Real legislative progress was made possible by a rather dramatic change in the political arena. Following the 1994 parliamentary elections, a government without the Christian Democratic Party was formed, for the first time in 75 years. The new government was made up of parties (Social Democrats and Liberals) which had supported permissive legislation earlier on but, due to the influence of the Christian Democrats, had never been able to realise a political majority in Parliament. In its second term (1998-2002), this left wing-liberal government decided to change the Penal Code and to decriminalise euthanasia and assisted suicide. This resulted in the 2002 Act.

  It should be noted that in the Act, as well as in the case law that preceded it, euthanasia and assisted suicide are and have always been treated alike. In both cases the same requirements and procedures apply. Unlike other countries and jurisdictions, in which a sometimes rather sharp moral distinction is made between euthanasia (the physician administering the medication) and assisted suicide (the patient taking the medication supplied by the physician),6 Dutch physicians, judges and policy-makers have never made a fundamental distinction between the two. Whether a physician and a patient opt for euthanasia or assisted suicide is left up to them, depending on the circumstances of the case, the characteristics of the patient and her or his medical condition. In cases in which a choice can be made, the Royal Dutch Medical Assocation advises physicians for psychological reasons to favour assisted suicide, but this is not a binding rule.

THE 2002 ACT

  The coming into force of the 2002 Act is a landmark moment in the Dutch euthanasia debate. Being the result of a lengthy development rather than the beginning of a new period, the Act has not led to big changes in daily practice. The Act incorporates into the law developments and opinions which already were accepted in practice many years ago and is therefore more of a symbolic nature. The Act introduces only a limited number of new issues. It is often stated that the Act legalises euthanasia but this is not entirely true. Euthanasia and assisted suicide remain criminal offences. What the Act does is to create an exception to the punishability of euthanasia and assisted suicide for those physicians who have complied with the requirements of due care mentioned in the Act. Only if these requirements are met and the case is reported will the physician be exempted from criminal prosecution.

  The requirements of due care in the case of euthanasia and assisted suicide are laid down in Art 2 of the Act. Essentially these are the same requirements that are mentioned in the RDMA viewpoint of 1984:

    —    the patient has made a voluntary and well-considered request;

    —    the patient's suffering is unbearable;

    —    there is no other reasonable solution to the situation;

    —    the patient has been informed about her or his condition and prospects;

    —    the patient has been seen by at least one other (and independent) physician, who provides a written statement about the applicability of the requirements of due care; and

    —    the physician, when performing euthanasia or assisting with suicide, has to do so in a medically justified way (using the right medication etc).

  After he or she has ended the patient's life, the physician has to report the case to the medical examiner, using the form that is prescribed by law (in the Burial and Cremation Act1991 (as amended in 2002)). The form contains a number of questions to which the physician has to respond. These questions relate to the requirements of due care and related issues. The medical examiner hands over the reported case to the regional evaluation committee. Within six weeks the committee decides whether or not the physician has acted in conformity with the legal requirements. The committee normally makes its judgment on the basis of the written report of the physician. If the information provided is unclear or incomplete, the committee can ask the physician to provide additional data in writing or in person. Before the Act came into force, the opinion of the committee had the status of an advice to the district attorney. This has been changed. If the committee holds the opinion that the physician acted correctly, the case is closed and other authorities (such as the district attorney and the Medical Inspectorate) will not be informed. Only if the physician has neglected one or more of the requirements will the committee send its judgment to the district attorney and the Medical Inspectorate. Depending on the severity of the violation, they may decide to take action against the physician, by starting a criminal prosecution (district attorney) and/or a procedure before the Medical Disciplinary Board (Medical Inspectorate).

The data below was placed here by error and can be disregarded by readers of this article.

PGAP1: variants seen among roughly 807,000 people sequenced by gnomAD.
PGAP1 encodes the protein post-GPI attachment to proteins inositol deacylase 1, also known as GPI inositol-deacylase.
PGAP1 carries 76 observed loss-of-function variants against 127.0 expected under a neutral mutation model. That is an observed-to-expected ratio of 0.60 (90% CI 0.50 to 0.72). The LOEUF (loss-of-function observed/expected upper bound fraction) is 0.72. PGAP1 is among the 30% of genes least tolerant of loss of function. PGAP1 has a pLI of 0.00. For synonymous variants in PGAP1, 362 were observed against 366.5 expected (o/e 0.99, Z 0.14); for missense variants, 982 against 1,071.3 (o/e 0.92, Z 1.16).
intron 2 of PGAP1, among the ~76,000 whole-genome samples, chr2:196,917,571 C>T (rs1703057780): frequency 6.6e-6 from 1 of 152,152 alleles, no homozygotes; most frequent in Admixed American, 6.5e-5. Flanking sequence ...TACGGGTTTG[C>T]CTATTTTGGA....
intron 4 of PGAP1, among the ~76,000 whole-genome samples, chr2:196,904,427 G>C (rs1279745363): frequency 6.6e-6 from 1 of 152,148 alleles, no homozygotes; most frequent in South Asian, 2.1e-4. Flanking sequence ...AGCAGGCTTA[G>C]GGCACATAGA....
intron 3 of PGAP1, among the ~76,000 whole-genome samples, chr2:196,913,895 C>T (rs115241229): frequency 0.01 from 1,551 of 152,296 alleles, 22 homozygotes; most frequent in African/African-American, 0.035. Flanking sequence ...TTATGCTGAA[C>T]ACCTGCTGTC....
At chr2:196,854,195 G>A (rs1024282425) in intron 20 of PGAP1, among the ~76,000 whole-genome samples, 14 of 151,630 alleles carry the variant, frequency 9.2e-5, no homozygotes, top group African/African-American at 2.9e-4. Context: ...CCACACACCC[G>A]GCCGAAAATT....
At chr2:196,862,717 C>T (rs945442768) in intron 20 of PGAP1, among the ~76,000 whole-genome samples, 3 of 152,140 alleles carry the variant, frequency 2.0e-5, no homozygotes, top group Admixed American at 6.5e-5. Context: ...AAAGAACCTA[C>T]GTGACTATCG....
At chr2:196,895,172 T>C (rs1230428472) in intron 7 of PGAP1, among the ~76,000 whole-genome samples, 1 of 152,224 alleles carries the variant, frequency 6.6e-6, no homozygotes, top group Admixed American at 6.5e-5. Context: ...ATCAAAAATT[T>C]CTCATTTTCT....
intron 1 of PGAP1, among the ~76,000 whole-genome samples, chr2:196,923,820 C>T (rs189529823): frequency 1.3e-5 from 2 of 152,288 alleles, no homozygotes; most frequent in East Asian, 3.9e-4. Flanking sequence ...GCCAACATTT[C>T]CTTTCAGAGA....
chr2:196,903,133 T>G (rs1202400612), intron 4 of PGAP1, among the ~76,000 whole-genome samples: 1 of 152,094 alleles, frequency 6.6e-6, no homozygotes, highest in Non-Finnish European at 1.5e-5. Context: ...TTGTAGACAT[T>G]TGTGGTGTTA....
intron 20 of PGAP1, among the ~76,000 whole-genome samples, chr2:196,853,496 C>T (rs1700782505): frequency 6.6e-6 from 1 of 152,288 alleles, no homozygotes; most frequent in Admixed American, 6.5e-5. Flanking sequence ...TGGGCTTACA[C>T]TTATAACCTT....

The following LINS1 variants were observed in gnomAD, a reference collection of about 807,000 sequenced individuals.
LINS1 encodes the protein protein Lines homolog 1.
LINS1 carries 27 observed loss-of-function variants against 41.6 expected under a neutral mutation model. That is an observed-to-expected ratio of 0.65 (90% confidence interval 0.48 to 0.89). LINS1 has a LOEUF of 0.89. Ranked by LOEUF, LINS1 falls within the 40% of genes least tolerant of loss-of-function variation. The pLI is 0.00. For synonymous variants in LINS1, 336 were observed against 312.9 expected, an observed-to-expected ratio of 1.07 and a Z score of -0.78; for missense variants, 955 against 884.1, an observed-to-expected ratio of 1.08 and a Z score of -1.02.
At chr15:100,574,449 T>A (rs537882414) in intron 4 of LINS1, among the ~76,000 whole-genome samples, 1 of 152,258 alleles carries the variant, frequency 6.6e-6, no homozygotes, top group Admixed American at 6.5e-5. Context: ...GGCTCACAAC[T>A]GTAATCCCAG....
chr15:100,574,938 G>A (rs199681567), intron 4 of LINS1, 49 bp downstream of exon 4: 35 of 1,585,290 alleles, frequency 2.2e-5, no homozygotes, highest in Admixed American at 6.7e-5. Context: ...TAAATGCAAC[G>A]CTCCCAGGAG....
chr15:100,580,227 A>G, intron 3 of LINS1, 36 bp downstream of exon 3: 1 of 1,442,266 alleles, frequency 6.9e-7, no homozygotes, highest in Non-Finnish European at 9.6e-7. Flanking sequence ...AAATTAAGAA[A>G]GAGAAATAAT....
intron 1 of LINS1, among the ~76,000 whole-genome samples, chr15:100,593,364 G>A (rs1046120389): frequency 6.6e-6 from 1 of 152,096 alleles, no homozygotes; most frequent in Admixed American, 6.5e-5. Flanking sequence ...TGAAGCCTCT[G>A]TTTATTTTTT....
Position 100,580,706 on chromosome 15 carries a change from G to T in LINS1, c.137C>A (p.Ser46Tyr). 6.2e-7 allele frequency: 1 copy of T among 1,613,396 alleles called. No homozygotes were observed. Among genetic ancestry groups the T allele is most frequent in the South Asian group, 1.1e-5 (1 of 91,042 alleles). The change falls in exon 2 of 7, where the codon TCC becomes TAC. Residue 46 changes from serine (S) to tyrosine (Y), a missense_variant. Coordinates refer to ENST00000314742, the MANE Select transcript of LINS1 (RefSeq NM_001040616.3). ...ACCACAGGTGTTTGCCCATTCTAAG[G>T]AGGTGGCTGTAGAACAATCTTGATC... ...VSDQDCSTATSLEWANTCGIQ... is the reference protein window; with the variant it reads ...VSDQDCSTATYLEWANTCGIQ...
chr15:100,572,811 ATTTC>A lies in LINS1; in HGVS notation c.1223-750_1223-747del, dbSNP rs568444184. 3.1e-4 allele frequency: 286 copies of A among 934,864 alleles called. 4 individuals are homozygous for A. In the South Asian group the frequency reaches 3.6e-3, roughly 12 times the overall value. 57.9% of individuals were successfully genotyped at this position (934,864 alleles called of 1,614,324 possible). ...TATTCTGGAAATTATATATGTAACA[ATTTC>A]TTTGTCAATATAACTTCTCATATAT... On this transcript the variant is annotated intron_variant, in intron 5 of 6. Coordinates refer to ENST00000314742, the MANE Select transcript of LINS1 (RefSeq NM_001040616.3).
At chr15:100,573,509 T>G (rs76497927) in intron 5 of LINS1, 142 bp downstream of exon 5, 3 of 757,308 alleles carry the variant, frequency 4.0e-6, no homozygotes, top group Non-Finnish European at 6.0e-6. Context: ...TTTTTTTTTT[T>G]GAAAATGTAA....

The Act addresses several other issues as well, such as the legal position of a minor who requests euthanasia or assisted suicide and the validity of advance directives.


  Case law has played in important role in developing the legal framework for euthanasia and assisted suicide. The 1984 decision of the Dutch Supreme Court, in which the legal opening for euthanasia and assisted suicide was created (the defence of necessity), was mentioned above. Ten years later, in June 1994, the Supreme Court published its ruling in the famous Chabot case.7 In this case the Supreme Court confirmed that physical as well as mental suffering can justify euthanasia or assisted suicide.8 Only a few months after the 2002 Act came into force, the Supreme Court had to decide another controversial issue. This case involved a general practitioner who assisted with the suicide of an 86-old former senator, Edward Brongersma. Brongersma had no serious physical or mental illness. He suffered from physical decline and struggled with his "pointless and empty existence". Brongersma, in other words, was "tired of life". After assisting with suicide, the general practitioner reported the case. The district attorney decided to prosecute him, stating that the law did not allow the "tired-of-life" criterion. The regional court acquitted the doctor, deciding that he had acted within the limits of the law. This verdict was overturned by the Appeals Court of Amsterdam in December 2001. The doctor appealed against this decision to the Supreme Court.